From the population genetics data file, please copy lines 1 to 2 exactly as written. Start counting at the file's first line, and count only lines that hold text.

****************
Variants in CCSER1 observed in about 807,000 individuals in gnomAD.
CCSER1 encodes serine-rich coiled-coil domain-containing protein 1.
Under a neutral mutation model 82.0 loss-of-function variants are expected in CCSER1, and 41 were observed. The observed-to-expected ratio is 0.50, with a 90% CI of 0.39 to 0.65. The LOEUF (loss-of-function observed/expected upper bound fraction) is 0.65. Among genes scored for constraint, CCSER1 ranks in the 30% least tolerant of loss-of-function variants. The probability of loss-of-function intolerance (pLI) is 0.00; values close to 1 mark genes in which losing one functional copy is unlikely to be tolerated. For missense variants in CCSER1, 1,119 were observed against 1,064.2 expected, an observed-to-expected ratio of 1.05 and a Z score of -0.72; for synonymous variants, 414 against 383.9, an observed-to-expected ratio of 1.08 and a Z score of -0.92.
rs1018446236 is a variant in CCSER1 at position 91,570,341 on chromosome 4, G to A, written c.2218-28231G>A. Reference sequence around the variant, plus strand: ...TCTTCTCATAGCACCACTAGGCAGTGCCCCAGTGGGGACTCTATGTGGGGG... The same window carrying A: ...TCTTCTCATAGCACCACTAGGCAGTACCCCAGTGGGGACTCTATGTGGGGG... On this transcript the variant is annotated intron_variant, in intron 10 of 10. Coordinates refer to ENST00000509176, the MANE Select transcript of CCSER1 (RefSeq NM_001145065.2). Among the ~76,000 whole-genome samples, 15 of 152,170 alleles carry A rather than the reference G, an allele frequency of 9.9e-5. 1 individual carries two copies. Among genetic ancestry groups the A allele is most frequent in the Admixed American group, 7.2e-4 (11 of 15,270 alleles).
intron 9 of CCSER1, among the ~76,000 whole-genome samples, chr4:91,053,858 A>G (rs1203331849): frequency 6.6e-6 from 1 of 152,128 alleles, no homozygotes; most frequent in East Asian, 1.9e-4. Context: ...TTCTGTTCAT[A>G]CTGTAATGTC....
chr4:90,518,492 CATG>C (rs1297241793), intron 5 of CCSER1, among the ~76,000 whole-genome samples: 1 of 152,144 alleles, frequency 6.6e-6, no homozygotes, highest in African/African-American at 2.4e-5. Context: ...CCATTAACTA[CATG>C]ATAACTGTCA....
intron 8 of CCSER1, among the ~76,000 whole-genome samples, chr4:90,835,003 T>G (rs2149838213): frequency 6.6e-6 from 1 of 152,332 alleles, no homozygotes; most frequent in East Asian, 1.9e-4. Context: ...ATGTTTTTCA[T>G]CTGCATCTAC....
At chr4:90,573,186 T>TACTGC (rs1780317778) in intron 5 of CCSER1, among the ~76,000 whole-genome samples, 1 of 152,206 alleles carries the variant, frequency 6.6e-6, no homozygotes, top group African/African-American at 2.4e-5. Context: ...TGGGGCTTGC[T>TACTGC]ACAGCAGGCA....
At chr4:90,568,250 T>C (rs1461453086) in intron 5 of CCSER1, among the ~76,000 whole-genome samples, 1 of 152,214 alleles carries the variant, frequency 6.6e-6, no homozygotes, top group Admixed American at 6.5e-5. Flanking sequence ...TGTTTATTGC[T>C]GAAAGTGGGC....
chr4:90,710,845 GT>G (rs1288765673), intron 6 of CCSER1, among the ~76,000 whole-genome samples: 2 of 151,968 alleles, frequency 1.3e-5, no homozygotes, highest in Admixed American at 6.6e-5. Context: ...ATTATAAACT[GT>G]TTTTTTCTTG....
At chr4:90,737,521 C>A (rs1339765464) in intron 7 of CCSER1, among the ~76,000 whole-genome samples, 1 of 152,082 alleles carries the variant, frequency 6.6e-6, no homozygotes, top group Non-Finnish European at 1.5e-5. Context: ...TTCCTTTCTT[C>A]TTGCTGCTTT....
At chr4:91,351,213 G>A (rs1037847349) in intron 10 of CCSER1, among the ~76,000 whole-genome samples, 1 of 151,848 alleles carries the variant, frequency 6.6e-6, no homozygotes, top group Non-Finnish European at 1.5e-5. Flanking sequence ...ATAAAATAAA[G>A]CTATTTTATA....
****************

Variants in CCSER1 observed in about 807,000 individuals in gnomAD.
CCSER1 encodes serine-rich coiled-coil domain-containing protein 1.